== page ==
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Pogačar is back on the road for the first time since he sustained a fractured wrist at Liège-Bastogne-Liège, and he’s lasered in on reclaiming the yellow jersey.
Team performance chief Jeroen Swart told VeloNews that Pogačar should be able to push fast-forward on his training program thanks to the 24-year-old’s unparalleled capacity for recovery, and an injury that came “well-timed.”
“I don’t think Tadej’s training program has been jeopardized to any great extent. He was due to have a rest period and a break after Ardennes classics, so in terms of timing, it couldn’t have been better, if you can put it that way,” Swart told VeloNews.
“He’s on the road again and due to go to altitude soon. We are pretty confident he can build back fast.”
Pogačar lost around two weeks of training this month while he rehabbed what was described as a “complicated” wrist fracture.
There were initial fears for the worst, and some questioned whether he’d be ready for a battle royale with defending champion Jonas Vingegaard at the Tour de France this July.
Five weeks after his dramatic crash at Liège, Pogačar is back on the bike and enjoying life.
A post this weekend on Instagram shows the Merckxian ace free from the indoor trainer and back riding outdoors.
Swart, who acts as UAE Emirates’ team performance director and works alongside Pogačar’s coach Iñigo San Millán, believes if any rider can recover and rebuild form in quick-time, it’s the Slovenian phenom.
“Given Tadej’s ability to recover and adapt, we remain very optimistic for the Tour,” Swart said in a call last week.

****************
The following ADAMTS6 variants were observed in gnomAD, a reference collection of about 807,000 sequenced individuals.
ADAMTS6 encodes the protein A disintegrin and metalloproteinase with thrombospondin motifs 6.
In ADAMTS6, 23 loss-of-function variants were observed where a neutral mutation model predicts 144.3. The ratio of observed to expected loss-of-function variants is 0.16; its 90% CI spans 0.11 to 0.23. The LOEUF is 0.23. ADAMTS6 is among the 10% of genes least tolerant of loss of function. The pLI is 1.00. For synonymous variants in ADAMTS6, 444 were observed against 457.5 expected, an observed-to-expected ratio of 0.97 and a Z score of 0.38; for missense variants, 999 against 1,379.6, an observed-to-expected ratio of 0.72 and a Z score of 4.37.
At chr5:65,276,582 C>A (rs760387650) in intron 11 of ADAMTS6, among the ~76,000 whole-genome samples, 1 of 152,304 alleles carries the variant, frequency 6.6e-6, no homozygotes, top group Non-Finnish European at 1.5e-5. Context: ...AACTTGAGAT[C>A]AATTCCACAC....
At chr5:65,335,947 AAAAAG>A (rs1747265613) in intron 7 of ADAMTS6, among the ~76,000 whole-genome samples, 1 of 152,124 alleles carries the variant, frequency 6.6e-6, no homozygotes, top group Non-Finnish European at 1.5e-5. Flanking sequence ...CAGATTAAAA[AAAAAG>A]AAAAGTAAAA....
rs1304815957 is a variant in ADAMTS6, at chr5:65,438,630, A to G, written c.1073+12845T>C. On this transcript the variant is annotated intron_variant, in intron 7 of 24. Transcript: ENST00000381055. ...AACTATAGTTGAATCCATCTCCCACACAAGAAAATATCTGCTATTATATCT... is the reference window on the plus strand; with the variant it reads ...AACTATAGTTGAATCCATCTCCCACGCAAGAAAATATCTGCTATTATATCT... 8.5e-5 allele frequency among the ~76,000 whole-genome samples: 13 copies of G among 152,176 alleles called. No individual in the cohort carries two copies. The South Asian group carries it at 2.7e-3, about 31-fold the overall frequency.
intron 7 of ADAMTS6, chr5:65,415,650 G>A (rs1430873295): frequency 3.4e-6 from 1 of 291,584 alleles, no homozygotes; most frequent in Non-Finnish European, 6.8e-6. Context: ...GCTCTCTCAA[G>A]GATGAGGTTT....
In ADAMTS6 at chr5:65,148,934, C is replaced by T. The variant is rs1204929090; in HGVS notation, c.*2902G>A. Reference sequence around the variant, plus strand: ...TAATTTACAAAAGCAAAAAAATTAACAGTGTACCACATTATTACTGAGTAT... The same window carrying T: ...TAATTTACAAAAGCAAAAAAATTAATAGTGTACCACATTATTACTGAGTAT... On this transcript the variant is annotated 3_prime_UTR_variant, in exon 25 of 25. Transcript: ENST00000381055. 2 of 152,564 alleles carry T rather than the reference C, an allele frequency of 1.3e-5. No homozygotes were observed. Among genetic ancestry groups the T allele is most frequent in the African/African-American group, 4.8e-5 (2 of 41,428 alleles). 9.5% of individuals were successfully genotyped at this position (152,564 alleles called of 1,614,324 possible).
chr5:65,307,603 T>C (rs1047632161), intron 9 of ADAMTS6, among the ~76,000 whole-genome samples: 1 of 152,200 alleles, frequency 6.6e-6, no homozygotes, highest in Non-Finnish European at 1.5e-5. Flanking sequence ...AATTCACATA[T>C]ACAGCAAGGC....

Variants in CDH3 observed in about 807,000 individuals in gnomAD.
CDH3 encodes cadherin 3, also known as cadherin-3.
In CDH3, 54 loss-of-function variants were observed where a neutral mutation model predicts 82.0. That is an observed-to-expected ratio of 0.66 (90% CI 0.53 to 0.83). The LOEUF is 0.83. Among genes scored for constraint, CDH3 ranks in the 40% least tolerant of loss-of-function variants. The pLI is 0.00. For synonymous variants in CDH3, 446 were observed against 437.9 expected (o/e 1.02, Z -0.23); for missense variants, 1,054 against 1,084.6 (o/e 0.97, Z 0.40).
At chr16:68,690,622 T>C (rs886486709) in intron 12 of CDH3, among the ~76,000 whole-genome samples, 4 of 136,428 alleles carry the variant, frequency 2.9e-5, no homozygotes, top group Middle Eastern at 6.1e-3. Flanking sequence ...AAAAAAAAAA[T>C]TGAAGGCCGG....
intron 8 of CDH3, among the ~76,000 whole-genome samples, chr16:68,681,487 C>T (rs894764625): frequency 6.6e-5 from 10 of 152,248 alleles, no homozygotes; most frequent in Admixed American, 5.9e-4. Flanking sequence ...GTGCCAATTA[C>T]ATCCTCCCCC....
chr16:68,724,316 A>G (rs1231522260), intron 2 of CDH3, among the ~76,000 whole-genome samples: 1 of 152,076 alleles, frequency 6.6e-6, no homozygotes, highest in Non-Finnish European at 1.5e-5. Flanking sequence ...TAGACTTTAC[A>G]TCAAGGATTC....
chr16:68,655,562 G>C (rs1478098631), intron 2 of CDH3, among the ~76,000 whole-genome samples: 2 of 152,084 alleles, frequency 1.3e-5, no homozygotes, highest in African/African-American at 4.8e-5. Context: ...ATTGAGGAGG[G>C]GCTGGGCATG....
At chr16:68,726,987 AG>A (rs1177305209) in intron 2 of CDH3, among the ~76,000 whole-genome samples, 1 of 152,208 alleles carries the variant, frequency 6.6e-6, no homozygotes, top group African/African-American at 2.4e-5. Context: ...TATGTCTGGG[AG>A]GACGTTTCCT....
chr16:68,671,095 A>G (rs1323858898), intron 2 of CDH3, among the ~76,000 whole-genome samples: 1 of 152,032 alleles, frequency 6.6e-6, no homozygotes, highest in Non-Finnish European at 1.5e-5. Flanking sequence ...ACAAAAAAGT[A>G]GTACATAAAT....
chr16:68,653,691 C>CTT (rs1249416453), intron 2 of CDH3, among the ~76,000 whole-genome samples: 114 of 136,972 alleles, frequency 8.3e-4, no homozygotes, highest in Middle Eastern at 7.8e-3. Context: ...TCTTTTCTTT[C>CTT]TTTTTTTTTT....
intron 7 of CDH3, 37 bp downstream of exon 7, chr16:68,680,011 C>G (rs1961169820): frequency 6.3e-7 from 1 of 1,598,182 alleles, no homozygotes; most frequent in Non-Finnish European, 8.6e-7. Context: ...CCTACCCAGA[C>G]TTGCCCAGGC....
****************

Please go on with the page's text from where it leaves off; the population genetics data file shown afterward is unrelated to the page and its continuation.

Pogačar and his performance team are set to fast-track his training program in the coming weeks at a team altitude camp.
The base he maintained training indoors through this month will be built out in a time-squeezed Tour de France bootcamp designed around his unique physiology.
“The unique thing with Tadej is that he’s able to accumulate a training load and recover and adapt faster than most other riders. And that means that although he’s doing similar sessions and similar kinds of stimuli in his training to others, he’s able to do more of it, and he’s able to reach a higher level sooner,” Swart said.
“That all means that he can reach a high level than other riders over the same period of time.”
It remains unknown whether Pogačar will race before he begins his quest for a third Tour de France title on July 1.
UAE Emirates will weigh the benefits of him refining racing rhythm at the Tour of Slovenia or Critérium du Dauphiné with the gains to be had by staying at thin air.
‘His big strength is his ability to recover and adapt’
Acclaimed physiologist and coach San Milan previously pointed out the unique metabolic parameters that put his athlete Pogačar on “another level” of resilience and susceptibility to training stimuli.
If Pogačar isn’t on full form for the July 1 grand départ, there’s every chance he will be for the crucial Alpine stages in the second and third weeks of the Tour.
“Traditionally, we think of athletes going to the Tour de France, accumulating fatigue over the course of the three weeks, progressively performing at a lower level, and just sort of holding on,” Swart said.
“But we have seen with Tadej, and a small handful of other athletes, that his capacity to adapt is such that he often produces his best performances in the final week of the tour. His big strength really is his ability to recover and adapt.”
The hilly Basque opening salvo of this year’s Tour de France could see initial shakes in the fight for the yellow jersey.
If Pogačar isn’t in the mix straight out of the start gate, it’s hard to imagine him not being in the frame come the Paris finishline three weeks later.